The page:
Li Zhizhong, secretary-general of the Shenzhen Shiyu Children Foundation and founder of Sunflower Children, an affiliated welfare project dedicated to child tumor patients, said scientific disease education is key to improving the level of diagnosis and treatment of pediatric tumors.
"We hope that through popularizing professional, reliable, timely and comprehensive scientific information, we can help end confusion and fear for every family experiencing such a plight," he said.
Dong Kuiran, director of oncology surgery at the Children's Hospital of Fudan University in Shanghai, said more patients with pediatric tumors are cured than adults with cancer.
"We don't use a five-year survival rate as a benchmark for children who have tumors－although this is the most common one for adult cancer. We set our sights much farther than five years for young patients," he said.
Li said that in past years, the foundation has collaborated with the China Anti-Cancer Association on compiling information about some types of cancer and related therapies and drugs. The two organizations have also won support from search engines for correct related information to be given priority when users search for it online.
Experts said many government agencies have jointly established programs to detect signs of tumors in early screening among children.
"The peak age for a pediatric tumor occurring is 3, but as children that young cannot express themselves clearly, an efficient and economical tool for extensive screening is needed," Wang said.
The lack of effective drugs for young tumor patients, especially those with relapsed and refractory cancer, is another difficult problem.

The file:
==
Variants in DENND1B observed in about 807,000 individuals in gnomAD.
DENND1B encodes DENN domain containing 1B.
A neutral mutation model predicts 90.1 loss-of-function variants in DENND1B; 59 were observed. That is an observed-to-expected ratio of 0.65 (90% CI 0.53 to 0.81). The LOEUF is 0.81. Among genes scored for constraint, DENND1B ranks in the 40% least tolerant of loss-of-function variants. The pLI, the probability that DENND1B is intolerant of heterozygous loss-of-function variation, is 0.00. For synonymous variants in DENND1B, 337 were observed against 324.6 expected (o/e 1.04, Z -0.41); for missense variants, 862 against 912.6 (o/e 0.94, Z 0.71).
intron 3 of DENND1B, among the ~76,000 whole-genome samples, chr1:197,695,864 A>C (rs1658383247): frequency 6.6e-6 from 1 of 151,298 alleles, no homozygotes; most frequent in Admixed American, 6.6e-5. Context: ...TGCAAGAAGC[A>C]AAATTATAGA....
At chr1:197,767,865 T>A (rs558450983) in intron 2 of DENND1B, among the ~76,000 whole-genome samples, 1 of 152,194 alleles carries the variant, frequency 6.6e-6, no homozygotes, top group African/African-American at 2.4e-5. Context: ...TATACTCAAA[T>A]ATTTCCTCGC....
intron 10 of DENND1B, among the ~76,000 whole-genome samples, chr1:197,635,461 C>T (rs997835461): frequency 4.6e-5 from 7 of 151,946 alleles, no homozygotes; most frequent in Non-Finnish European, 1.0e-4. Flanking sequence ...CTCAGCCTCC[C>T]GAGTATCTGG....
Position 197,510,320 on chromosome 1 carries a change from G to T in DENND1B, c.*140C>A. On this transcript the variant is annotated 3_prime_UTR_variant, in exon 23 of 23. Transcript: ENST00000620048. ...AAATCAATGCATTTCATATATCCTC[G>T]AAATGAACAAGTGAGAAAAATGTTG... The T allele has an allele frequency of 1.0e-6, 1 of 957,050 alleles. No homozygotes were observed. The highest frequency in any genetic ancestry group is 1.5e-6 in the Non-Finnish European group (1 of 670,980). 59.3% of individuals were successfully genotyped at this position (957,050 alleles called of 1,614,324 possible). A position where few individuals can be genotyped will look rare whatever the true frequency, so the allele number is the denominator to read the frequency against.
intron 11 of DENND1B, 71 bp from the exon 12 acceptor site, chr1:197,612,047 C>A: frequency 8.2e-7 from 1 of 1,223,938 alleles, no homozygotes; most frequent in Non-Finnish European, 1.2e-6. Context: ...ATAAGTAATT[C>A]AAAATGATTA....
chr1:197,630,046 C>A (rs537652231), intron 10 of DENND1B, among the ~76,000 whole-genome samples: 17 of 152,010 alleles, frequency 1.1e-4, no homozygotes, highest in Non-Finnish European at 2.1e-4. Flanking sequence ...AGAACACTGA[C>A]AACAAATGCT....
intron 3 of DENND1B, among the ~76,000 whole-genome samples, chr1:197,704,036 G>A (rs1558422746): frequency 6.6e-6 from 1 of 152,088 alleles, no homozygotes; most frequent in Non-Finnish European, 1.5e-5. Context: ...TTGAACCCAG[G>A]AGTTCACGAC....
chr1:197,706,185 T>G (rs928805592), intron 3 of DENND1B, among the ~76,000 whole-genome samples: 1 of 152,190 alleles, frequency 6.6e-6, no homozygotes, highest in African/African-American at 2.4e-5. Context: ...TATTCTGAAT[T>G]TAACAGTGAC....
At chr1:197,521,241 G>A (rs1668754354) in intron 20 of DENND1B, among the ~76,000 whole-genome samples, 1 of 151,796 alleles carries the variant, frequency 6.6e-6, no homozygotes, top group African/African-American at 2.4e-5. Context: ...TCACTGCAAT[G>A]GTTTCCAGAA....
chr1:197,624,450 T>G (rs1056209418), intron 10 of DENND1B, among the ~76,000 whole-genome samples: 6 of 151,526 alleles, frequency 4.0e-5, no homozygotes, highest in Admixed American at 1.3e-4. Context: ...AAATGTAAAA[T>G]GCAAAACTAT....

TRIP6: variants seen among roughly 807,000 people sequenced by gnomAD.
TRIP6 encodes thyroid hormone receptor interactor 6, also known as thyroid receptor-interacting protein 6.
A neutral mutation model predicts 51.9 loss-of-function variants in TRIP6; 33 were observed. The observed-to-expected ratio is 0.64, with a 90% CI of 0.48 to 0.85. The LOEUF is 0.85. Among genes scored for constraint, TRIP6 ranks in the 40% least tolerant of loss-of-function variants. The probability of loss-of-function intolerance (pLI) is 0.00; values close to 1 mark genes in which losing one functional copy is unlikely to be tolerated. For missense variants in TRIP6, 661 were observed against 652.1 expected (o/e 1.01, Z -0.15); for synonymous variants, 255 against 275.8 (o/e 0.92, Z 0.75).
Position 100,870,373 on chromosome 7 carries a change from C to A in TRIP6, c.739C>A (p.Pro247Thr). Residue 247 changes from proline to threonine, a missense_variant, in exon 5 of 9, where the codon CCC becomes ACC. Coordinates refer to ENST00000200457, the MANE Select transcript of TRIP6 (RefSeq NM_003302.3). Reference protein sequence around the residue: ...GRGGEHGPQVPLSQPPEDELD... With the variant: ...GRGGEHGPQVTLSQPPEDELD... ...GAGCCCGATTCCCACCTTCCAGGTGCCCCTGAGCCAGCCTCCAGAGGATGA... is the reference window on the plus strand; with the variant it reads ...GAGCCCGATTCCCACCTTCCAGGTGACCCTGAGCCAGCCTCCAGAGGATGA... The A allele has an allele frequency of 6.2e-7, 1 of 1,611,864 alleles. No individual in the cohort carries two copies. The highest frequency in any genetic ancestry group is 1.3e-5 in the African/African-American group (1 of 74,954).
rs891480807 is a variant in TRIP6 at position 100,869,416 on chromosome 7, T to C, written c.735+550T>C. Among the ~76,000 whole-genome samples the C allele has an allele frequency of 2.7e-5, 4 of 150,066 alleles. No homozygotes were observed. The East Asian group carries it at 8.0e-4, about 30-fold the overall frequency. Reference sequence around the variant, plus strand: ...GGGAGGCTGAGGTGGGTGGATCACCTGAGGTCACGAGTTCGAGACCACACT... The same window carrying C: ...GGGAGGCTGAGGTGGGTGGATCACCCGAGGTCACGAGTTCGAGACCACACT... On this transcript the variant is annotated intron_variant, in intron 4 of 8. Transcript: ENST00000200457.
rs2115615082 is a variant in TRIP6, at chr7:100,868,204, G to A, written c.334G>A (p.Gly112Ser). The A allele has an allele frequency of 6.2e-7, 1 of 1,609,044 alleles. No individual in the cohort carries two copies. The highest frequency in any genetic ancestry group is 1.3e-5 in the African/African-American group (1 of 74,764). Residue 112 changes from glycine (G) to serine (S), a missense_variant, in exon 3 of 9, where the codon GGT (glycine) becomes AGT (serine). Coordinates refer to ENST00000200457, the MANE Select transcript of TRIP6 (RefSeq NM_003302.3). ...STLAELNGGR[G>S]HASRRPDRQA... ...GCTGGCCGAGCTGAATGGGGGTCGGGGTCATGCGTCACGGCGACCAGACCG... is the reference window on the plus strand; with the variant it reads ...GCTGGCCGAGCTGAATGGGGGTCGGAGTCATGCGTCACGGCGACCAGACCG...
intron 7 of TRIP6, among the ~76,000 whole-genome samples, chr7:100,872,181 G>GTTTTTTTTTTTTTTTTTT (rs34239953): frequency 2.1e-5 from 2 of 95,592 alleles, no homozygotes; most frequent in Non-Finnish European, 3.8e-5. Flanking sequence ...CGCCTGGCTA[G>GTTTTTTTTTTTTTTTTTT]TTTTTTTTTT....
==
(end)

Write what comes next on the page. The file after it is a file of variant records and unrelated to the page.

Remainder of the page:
Li said, "When experts treating tumors in adults gather to discuss whether it is excessive to have at least 100 research and development projects for PD-1 inhibitors－a potential cancer therapy－underway in China, we envy them greatly, as the number of such projects in the pediatric field is zero."
Experts said financial reasons are to blame for this, along with difficulty in recruiting child patients for clinical trials.
"We hope the government will create more momentum to drive research and development institutions and also companies to invest in this area so that innovation can be sustained," Li said.
For adults, finding an appropriate drug solution from existing medicines is another solution, Li said, adding that China has a larger patient community than other countries, and he hopes that more clinical trials can be promoted domestically to meet patients' needs.
Liu Yan, vice-president of Chinese biotech enterprise BeiGene, said that to date, the company has had one innovative therapy for neuroblastoma－cancer of immature nerve cells－approved in the China market. Another, for acute lymphoblastic leukemia, is awaiting approval.
"Before the therapy for neuroblastoma obtained market approval in China in August, 35 children had received it since the previous November in the Hainan Boao Lecheng International Medical Tourism Pilot Zone in Hainan province, as part of our efforts to improve drug accessibility as much as possible," she said.
The company said that improved affordability through various means, including collaboration with philanthropic institutions, is another key consideration.
Liu said, "We're also delighted to see that in past years many cities have introduced commercial supplementary medical insurance guided by their medical insurance authorities, and that innovative drugs to treat major diseases, including cancers, have been included on the reimbursement list."
Regarding a therapy to treat lymphoma in adults, she said the company and experts are considering the possibility of carrying out clinical trials for this on children.
Wang, the doctor from Hangzhou, said that in many cases the clinical values of a therapy are based on the number of patients.
"But I don't think such an appraisal works with drugs for children. When we save a child, we salvage an entire family's hopes for the future," he said.